This year’s theme for Canada History Week is Indigenous History. It provides an opportunity for all of us to reflect on and to celebrate the heritage, cultures and outstanding contributions of First Nations, Métis and Inuit in Canada. This includes the rich and diverse languages that are spoken by Indigenous people.
Indigenous languages in Canada have been evolving over generations and reflect rich and diverse histories, landscapes, cultures and knowledge. More than 70 Indigenous languages were reported in the 2016 Census, and 36 had at least 500 speakers. The most widely spoken were Cree, Inuktitut and Ojibway. The number of Indigenous people who could speak an Indigenous language grew by 3.1% from 2006 to 2016.
A growing number of people are learning an Indigenous language as a second language. As a result, there were 263,840 people who reported that they could speak an Indigenous language well enough to conduct a conversation in 2016, up 8% from 1996.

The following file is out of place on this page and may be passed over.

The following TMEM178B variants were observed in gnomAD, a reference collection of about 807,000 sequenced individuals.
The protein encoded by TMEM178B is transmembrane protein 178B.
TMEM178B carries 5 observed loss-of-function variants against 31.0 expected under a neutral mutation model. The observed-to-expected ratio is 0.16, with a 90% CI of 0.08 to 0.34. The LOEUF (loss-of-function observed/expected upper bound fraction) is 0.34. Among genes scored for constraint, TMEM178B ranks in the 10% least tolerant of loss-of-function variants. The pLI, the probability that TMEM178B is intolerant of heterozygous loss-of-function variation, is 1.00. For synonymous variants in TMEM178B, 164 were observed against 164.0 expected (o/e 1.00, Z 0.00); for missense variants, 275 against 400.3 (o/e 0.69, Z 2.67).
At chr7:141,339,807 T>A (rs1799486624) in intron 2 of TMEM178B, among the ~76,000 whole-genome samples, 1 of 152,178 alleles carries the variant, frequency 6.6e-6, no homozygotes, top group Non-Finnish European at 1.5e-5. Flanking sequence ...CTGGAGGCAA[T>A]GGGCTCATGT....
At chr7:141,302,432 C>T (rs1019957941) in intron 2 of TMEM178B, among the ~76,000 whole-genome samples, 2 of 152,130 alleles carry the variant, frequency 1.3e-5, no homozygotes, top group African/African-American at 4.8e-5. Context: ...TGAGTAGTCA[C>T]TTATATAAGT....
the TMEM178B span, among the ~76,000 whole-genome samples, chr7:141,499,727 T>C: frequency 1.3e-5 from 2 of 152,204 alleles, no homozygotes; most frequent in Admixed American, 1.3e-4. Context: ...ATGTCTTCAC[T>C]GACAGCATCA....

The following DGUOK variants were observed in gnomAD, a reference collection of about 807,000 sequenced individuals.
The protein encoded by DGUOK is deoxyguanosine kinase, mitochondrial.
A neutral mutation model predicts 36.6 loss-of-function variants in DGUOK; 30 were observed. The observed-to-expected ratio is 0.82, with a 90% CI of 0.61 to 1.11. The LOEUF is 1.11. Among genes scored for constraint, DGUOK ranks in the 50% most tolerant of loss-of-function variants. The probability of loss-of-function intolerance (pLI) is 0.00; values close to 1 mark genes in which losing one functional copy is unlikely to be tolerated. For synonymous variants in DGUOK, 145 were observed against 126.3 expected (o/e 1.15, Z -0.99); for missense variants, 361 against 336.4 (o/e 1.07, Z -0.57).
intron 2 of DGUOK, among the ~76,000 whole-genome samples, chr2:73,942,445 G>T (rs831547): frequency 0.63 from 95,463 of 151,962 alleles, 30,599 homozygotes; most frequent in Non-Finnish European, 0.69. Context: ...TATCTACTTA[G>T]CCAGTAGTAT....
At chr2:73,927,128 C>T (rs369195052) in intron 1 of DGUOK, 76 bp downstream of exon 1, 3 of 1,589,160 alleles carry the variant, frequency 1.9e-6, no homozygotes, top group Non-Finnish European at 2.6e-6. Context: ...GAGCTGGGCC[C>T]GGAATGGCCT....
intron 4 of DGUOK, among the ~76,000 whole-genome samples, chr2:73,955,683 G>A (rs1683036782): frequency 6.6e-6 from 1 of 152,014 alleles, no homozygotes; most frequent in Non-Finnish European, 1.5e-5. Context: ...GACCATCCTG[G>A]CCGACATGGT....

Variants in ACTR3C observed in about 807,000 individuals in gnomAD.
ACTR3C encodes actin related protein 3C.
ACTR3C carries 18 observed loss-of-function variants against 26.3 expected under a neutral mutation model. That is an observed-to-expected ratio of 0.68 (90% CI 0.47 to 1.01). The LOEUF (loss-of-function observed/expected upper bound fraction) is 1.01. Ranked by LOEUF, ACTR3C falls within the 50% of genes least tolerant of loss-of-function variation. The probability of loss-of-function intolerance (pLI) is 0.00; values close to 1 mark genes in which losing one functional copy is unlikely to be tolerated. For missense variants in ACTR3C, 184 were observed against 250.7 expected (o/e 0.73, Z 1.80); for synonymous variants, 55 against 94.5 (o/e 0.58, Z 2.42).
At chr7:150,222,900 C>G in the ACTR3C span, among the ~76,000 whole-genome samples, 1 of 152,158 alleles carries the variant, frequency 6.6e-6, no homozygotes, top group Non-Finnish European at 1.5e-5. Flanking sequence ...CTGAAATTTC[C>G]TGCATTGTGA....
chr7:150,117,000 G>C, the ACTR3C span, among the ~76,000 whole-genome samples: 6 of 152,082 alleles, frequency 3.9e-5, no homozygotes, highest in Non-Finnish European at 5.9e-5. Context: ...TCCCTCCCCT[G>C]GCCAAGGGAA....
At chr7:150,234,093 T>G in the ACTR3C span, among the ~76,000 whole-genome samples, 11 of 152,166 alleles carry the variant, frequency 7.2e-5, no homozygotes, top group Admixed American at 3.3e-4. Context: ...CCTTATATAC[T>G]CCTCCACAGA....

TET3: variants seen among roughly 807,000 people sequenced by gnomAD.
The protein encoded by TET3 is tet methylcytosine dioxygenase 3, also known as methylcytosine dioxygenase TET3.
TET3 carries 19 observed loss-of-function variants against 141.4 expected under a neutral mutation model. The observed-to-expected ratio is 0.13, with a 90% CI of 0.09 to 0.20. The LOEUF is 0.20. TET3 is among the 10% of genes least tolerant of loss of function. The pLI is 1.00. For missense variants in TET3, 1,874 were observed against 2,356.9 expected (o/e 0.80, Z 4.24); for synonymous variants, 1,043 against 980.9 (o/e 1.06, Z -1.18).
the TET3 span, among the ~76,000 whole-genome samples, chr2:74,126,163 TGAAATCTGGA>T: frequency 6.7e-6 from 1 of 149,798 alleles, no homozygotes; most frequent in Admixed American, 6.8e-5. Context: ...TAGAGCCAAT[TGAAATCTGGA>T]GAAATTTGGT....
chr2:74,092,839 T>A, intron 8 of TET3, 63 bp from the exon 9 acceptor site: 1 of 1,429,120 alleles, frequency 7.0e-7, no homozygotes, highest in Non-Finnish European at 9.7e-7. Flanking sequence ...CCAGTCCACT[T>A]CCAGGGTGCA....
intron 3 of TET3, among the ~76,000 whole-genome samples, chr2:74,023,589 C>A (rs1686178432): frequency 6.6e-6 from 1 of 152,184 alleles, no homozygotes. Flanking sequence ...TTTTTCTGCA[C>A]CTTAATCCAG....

In 2016, over three-quarters of the residents of Nunavut (76.8%) reported being able to conduct a conversation in Inuktut.
More information can be found on Statistics Canada's Indigenous Statistics Portal, a central location where users can find data on First Nations people, Métis and Inuit, including community profiles. Data from the 2021 Census of Population on Indigenous peoples will be released on September 21, 2022.
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